Associated France Press 10/9/2006
Asia-Europe summit tackles trade, security and climate change
by Rory Mulholland
HELSINKI (AFP) - Asian and European leaders meeting in Helsinki were set to deliver a strong message to the world on what to do about global warming after the Kyoto Protocol on climate change runs out in 2012.
"The basic idea is to find a platform for work after 2012," the target date for the United Nations' protocol on reducing the world's greenhouse gas emissions, said senior Finnish official Markus Lyra.
A "strong message" on climate change will be included in the final communique on Monday of the Asia-Europe Meeting (ASEM) that has gathered leaders and top officials from 38 Asian and European nations, he said Sunday.
Asian leaders, increasingly confident of their region's economic and political clout, were to tackle issues ranging from trade to security with their European counterparts at the two-day summit in the capital of Finland, which holds the EU's rotating presidency.
The 25-nation European Union, both curious and cautious about Asia's growing role in world affairs, was hosting leaders from China, Korea, Japan and the 10 members of the Association of Southeast Asian Nations (ASEAN).
Despite criticism from human rights groups about going soft on Myanmar, Finland made an exception to an EU ban on top officials from the country's military junta entering the bloc so that Foreign Minister U Nyan Win could attend the ASEM summit.
The EU's Finnish presidency on Sunday pressed Myanmar to improve its human rights and democracy record, said Markus Lyra, who is under-secretary of state at the Finnish Foreign Ministry.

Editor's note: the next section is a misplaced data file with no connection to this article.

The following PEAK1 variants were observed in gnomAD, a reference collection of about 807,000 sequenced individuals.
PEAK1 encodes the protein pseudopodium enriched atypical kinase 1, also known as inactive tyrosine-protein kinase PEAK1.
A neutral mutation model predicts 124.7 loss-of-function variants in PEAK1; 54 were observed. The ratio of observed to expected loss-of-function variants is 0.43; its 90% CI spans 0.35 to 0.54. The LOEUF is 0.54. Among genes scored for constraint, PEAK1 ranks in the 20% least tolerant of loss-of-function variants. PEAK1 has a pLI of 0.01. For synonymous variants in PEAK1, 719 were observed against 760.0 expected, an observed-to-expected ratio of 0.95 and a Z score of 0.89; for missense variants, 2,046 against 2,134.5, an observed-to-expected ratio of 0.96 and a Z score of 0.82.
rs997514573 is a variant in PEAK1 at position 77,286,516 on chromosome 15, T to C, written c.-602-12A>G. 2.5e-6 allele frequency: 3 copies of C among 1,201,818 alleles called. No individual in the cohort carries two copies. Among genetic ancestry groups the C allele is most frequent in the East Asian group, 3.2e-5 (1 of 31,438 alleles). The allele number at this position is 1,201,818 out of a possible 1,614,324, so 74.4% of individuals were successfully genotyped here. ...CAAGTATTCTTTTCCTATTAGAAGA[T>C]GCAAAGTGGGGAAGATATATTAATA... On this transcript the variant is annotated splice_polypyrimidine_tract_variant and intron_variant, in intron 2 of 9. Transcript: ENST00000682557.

He said that U had given a "traditional" reaction, namely that "Myanmar needs more time" to make reforms.
As leaders arrived Saturday on the eve of the summit, some 200 Finnish anarchists clashed with riot police in central Helsinki to protest against the presence of leaders from China and Myanmar.
Critics have said that Europe will avoid strong criticism of China's rights abuses for fear of upsetting the growing economic giant that last year took 52 billion euros (66 billion dollars) worth of imports from the EU.
ASEM is the only forum exclusively dedicated to dialogue between Asia and Europe. But it is widely seen as being long on talk and short on substance and is still trying to prove its relevance despite having 10 years of existence behind it.
While trade discussions at the summit were officially to focus on jumpstarting stalled World Trade Organisation negotiations, improving bilateral trade ties between the EU and ASEAN and between Europe and South Korea were also expected to be hot topics here, officials said.
Security issues ranging from North Korea's missiles and Iran's atomic ambitions to ensuring a steady supply of energy to fuel the two regions' economies, were also on the agenda.
South Korean President Roh Moo-Hyun was expected to use the ASEM summit as an opportunity to sell his idea of multilateral security system for northeast Asia.
He was also expected to lay out Seoul's stance on North Korea's nuclear policy and recent missile tests, which are likely to figure prominently during security discussions.
Equally concerned about North Korea's missile programme, Japanese Prime Minister Junichiro Koizumi has lobbied the host, Finnish Prime Minister Matti Vanhanen, to write concerns over Pyonyang's missile development into his chairman's statement at the conclusion of the summit.
North Korea in July test-fired six short and medium-range missiles and one long-range missile-2.
The Helsinki summit marks the 10-year anniversary of ASEM, which started with a meeting in 1996 in Bangkok.
India, Mongolia and Pakistan were invited Sunday to join future gatherings of ASEM.
The addition of the three Asian countries will lessen the imbalance in the forum, where the European Union's 25 members outweigh the 13 Asian countries currently in the club.